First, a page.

The facts in the Williams case are radically different from those in the case at bar. The statement attributed to the defendant here cannot have the effect of proving that she intended to "show off", as the plaintiff puts it, and thus deliberately set out to drive dangerously, especially when it is considered that her own four-year-old daughter was seated in the rear of the automobile. The statement, the making of which was denied by the defendant and her other adult passenger, Mrs. Wilson, was totally unexplained. It would be pure speculation to say that it related to something that the defendant was going to do in the operation of her vehicle.

When the testimony of the plaintiff is considered along with that of her witnesses, Trooper Cassell and Clyde Harmon, a case of gross negligence is still not made out. In fact, these witnesses, and especially Clyde Harmon, corroborate the version of the accident given by the defendant and her witnesses, and exonerate her of gross negligence.

It is only when the plaintiff's testimony is considered along with that of her witness, Lee Fain, that it can seriously be contended that the charge of gross negligence was made out against the defendant. The plaintiff appears to accept the proposition that, without the testimony of Fain, she has no case. Throughout her brief, whenever she recites the facts upon which she relies to sustain her case, the things to which Fain testified are always essentially stressed.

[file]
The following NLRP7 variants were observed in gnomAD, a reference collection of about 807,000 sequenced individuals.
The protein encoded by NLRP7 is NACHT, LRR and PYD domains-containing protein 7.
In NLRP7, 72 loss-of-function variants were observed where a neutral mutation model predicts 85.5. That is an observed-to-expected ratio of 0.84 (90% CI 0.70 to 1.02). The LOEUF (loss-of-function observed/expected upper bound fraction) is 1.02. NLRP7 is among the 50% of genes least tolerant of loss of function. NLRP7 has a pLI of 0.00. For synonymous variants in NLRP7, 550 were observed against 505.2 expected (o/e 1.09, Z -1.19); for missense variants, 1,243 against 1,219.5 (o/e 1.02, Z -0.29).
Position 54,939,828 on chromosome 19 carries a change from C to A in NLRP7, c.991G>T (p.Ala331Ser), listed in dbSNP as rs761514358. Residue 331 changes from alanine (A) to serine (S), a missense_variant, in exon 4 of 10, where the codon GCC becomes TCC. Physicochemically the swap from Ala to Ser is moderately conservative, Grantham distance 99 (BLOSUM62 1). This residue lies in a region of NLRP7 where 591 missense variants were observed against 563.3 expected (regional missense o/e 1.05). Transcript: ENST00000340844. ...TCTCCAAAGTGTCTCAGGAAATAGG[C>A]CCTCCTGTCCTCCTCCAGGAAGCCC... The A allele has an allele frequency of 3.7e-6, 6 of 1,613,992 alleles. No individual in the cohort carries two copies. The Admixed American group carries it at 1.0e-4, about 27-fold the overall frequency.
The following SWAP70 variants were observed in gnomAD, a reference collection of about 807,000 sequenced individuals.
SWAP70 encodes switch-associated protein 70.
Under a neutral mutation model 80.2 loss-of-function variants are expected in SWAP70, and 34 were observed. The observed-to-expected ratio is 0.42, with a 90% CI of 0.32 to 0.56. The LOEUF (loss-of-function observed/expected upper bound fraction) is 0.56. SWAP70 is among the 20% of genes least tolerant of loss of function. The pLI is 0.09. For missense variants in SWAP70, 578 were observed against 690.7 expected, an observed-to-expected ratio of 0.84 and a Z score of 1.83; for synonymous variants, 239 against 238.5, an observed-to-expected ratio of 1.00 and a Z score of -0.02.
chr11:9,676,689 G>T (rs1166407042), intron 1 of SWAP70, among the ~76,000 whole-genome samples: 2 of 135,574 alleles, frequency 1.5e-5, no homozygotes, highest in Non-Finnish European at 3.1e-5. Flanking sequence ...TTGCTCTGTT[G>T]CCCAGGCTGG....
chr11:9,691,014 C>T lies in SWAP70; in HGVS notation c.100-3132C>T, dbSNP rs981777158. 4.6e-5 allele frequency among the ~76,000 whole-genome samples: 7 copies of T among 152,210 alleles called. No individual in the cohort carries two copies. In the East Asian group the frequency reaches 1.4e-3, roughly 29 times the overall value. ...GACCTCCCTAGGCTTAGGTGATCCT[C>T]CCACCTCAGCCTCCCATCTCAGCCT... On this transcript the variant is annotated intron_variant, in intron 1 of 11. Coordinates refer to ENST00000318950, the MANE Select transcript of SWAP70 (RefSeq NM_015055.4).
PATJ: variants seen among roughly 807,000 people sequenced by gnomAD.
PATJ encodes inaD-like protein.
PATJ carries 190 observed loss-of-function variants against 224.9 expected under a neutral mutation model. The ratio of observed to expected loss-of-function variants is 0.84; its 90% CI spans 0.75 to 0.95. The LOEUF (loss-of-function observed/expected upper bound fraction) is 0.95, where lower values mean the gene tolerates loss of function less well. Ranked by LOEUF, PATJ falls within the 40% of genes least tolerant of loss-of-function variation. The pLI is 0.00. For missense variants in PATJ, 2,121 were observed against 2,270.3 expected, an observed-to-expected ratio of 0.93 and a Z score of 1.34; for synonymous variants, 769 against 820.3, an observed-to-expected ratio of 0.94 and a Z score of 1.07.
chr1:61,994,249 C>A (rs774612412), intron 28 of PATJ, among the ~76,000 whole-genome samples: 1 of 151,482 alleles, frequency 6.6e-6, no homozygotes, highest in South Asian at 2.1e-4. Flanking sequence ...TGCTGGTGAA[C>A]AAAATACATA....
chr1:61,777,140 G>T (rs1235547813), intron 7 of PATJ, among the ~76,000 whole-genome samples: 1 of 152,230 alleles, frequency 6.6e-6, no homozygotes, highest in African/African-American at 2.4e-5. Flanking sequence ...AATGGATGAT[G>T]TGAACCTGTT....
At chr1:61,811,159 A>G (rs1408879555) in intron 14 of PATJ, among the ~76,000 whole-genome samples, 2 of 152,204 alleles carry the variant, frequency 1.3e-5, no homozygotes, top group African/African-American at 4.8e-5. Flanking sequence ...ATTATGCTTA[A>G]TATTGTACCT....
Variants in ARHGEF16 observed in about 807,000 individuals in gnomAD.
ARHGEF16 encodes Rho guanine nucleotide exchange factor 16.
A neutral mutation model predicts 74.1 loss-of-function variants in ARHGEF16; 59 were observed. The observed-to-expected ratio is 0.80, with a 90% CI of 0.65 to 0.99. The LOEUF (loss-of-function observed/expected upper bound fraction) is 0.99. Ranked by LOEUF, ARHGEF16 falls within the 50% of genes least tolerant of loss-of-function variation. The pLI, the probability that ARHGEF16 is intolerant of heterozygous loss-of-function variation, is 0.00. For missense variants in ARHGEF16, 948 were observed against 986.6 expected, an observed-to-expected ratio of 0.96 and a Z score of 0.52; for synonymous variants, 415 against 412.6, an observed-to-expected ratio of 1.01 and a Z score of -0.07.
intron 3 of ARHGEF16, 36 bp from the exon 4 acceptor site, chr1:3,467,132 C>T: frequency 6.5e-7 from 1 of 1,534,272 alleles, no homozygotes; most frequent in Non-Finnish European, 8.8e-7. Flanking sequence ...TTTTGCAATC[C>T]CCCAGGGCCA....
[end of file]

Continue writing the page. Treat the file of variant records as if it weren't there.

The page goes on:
But, the defendant argues, the plaintiff is not entitled to rely on Fain's testimony because it is so at variance with her own testimony, by which she is bound. The defendant also charges that Fain's testimony is inherently incredible.

We need not decide whether Fain's testimony is inherently incredible because the plaintiff must be denied the right to rely on his testimony pursuant to a rule of fairness which is an accepted part of our law relating to personal injury cases. That rule, as expressed by Mr. Justice Eggleston, now Chief Justice, in Crew v. Nelson, 188 Va. 108, 114, 49 S.E.2d 326, is that:

". . . [I]n a personal injury case, if the plaintiff, a person of average intelligence and in possession of his faculties, while detailing the circumstances of the accident, clearly and unequivocally testifies to facts which show as a matter of law that he has no case, he is bound thereby and cannot recover."